Thursday, December 29, 2011

Top 10 Books of 2011

'Tis the season for Top 10 Lists and countdowns. This was the first year in a couple that I didn't hit my target reading goal for the year, and for that I blame my new Kindle (but more on that in a future post). Nevertheless, there were a lot of great books this year, most that I wrote a review for, and all that I am happy to re-commend.

In addition to listing my favorite 10 books of the year, I am also giving out a couple random awards to some of these books for unique contributions they made to my reading this year.

(All hypertext titles are linked to book pages on the Westminster Bookstore at WTSbooks.com. Their partnership, among many others, is what allows this blogger to read so many books in a cost-effective manner. So if you'd like to see a similar list next year, please click on all the links in this post. Or better yet, buy a book or two through those links. Their prices are consistently cheaper than Amazon, and shipping is free on order $49 and up, or a flat $3.99 otherwise!)


10. Church Planter - Darrin Patrick

The title for this book, Church Planter, is in my opinion a very unfortunate one—and I mean that in the very best way possible. This is an excellent book that should be read by anyone in Christian ministry, and I fear that the title will prevent many people from considering picking up a book that should have a much broader audience than the name suggests.

Darrin Patrick has given the church an excellent all-in-one resource for bringing up teachers, pastors, elders, and leaders in the church that far outreaches the implied scope of the title.

Award winner: The "Could This Book Cover Look Any More Like Gladiator?" award. If there was one book that made me want to read it simply due to the awesomeness of it's cover, it was this book. I felt like more of a man every time I pulled it out of my satchel in public (which it a plus for anyone that carries around a satchel in the first place).

9. From the Garden to the City - John Dyer

From the Garden to the City has a biblical balance and insight to it that has been missing in all previous books I've read regarding a theology of technology. Dyer shows an uncanny ability to skillfully and faithfully weave the two seeming unrelated topics of faith and technology into quite an accessible book.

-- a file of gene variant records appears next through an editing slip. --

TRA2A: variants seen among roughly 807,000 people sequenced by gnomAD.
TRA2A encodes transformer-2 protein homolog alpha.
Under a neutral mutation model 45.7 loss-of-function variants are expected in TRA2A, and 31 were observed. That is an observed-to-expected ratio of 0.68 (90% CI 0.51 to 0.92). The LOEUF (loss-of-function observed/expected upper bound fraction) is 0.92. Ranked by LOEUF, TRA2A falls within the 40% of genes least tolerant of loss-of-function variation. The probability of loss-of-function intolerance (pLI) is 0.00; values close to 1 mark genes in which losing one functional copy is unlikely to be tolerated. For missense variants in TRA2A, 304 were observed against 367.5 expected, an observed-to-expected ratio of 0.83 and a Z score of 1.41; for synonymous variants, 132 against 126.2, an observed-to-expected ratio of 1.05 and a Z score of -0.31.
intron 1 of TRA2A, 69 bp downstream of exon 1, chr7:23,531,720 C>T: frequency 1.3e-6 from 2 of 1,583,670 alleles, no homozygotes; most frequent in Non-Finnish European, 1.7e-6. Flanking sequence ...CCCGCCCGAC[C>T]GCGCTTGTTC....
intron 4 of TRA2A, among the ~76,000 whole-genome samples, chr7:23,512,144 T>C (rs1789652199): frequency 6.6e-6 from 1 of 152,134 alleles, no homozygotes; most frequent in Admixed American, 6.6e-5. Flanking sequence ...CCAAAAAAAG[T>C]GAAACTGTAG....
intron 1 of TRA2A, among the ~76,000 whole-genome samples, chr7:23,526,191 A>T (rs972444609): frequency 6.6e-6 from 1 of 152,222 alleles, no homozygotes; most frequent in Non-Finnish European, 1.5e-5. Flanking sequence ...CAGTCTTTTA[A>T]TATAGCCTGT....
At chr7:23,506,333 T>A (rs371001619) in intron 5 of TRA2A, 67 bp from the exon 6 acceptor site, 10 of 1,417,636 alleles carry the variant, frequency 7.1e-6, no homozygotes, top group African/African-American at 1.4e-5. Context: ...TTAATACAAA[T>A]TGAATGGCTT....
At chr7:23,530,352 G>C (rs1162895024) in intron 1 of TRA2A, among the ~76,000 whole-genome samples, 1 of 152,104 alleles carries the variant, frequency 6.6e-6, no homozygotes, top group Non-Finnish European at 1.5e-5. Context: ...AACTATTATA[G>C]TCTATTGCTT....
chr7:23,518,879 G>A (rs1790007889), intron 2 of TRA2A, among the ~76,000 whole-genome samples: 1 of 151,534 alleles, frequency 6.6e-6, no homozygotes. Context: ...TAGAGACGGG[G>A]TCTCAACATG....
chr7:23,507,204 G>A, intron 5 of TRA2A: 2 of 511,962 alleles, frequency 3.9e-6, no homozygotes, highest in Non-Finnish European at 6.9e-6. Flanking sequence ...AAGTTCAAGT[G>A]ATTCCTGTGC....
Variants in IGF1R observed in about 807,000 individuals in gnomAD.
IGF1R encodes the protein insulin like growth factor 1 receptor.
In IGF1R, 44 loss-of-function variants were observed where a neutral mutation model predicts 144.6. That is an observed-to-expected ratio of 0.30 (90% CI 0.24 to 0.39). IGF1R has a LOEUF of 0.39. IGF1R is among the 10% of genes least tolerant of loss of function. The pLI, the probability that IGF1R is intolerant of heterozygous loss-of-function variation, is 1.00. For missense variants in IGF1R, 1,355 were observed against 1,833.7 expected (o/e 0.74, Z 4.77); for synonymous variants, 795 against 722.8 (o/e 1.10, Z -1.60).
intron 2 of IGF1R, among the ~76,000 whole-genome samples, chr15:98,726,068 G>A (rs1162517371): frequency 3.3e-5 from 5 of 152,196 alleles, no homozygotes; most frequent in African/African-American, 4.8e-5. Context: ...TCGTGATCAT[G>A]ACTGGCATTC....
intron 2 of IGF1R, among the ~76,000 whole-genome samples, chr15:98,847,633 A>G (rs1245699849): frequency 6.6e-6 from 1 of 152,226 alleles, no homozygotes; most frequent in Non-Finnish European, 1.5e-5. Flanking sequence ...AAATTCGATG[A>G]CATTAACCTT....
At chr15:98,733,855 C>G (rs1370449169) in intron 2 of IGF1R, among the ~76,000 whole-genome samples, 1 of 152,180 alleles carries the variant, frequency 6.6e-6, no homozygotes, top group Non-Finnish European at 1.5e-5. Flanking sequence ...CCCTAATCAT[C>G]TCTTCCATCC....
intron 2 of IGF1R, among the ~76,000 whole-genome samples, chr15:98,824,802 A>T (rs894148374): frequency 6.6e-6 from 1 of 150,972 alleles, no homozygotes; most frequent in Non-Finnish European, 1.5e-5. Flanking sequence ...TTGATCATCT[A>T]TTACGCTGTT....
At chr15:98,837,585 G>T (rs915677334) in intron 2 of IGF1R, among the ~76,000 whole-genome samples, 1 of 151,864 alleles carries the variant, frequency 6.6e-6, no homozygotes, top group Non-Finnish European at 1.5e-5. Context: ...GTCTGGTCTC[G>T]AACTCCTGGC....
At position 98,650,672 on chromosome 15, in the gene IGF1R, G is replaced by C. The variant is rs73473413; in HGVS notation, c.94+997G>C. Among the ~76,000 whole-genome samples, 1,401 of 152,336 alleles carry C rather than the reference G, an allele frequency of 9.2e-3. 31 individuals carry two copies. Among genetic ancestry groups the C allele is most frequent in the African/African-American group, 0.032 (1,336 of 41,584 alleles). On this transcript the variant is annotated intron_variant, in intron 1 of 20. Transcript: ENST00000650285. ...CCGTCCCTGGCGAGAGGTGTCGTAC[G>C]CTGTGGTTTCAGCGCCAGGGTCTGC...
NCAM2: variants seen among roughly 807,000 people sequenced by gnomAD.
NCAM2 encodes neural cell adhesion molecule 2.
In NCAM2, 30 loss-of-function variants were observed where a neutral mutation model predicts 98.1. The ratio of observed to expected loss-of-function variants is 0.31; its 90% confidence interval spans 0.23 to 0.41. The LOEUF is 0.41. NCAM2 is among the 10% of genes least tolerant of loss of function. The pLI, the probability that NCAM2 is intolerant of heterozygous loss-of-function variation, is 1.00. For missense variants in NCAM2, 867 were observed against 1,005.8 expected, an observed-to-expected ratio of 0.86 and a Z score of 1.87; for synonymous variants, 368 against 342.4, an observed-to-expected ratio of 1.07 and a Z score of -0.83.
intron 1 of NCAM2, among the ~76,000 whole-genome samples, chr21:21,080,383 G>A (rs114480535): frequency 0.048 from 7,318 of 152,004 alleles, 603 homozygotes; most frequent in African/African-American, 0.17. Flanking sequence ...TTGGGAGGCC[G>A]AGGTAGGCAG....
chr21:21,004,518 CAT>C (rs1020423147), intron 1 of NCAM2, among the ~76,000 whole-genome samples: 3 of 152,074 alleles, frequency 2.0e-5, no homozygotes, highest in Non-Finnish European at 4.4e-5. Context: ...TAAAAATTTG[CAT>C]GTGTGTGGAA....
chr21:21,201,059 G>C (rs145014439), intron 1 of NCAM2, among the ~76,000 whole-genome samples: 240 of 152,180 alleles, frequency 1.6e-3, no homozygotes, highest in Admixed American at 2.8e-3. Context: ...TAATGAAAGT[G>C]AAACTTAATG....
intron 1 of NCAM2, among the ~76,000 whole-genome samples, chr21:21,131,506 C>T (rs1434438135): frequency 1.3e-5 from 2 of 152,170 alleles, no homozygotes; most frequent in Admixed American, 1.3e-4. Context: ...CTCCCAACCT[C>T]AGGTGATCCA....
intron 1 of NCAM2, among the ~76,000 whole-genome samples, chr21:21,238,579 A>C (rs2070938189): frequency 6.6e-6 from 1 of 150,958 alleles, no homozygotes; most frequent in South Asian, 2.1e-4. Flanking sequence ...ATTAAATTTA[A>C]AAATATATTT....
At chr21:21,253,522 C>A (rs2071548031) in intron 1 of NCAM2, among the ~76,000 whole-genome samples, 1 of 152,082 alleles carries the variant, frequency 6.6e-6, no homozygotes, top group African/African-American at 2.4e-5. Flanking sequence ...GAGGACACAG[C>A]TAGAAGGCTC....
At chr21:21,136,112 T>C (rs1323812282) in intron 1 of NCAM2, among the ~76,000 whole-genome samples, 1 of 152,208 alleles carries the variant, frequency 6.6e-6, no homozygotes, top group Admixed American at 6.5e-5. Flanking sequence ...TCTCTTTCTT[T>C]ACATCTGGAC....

The very structure of the book follows the Christian metanarrative of creation, fall, redemption, and restoration. Dyer argues that (1) our ability to make technology is a reflection of our Creator, (2) every technology has the potential to be used for sin and rebellion, (3) technology can also be used for redemptive purposes, and (4) God's plan is the restoration of all things, including some of the things we make.

Award winner: The Most Surprising Book of the Year award. I'd heard very little of this book before I read it. I'd heard less of the author (I'm sure that says more of me than it does John Dyer). But once I picked up this book, I couldn't put it down. Engaging from start to finish. 

8. Smooth Stones - Joe Coffey

As a self-proclaimed apologist of sorts, I pride myself in at least being familiar with all the big questions and answers surrounding Christian apologetics. Yet Joe surprised me on more than one occasion with simple and fresh approaches to answering these popular challenges.

The simple beauty of this book is in its brevity. This book may be the best resource I've seen for a church to keep on hand to answer common objections in every day language.

7. Is God a Moral Monster? - Paul Copan

Can the religious, cultural, ethical context for what we read in the Old Testament help it make sense or is it all really as harsh, heinous, and offensive as the critics charge? Paul Copan would argue the former, and does so compellingly here. He opens his book with an introduction to the New Atheists and then uses many of their charges aimed at God and the Old Testament as a rough outline for the remainder of the book. The challenges are not new: the purging of the Promised Land, slavery, polygamy, and strange Mosaic laws for example. But what is new and welcome is Copan's careful treatment of each of these issues.

Award winner: The Most Dog-Eared Book of 2011 award. I don't think I referred to any book more often in the past year than this one as I co-wrote the group material for my church's study of the Old Testament historical books. (This material is also being adapted into an ongoing series on this blog.)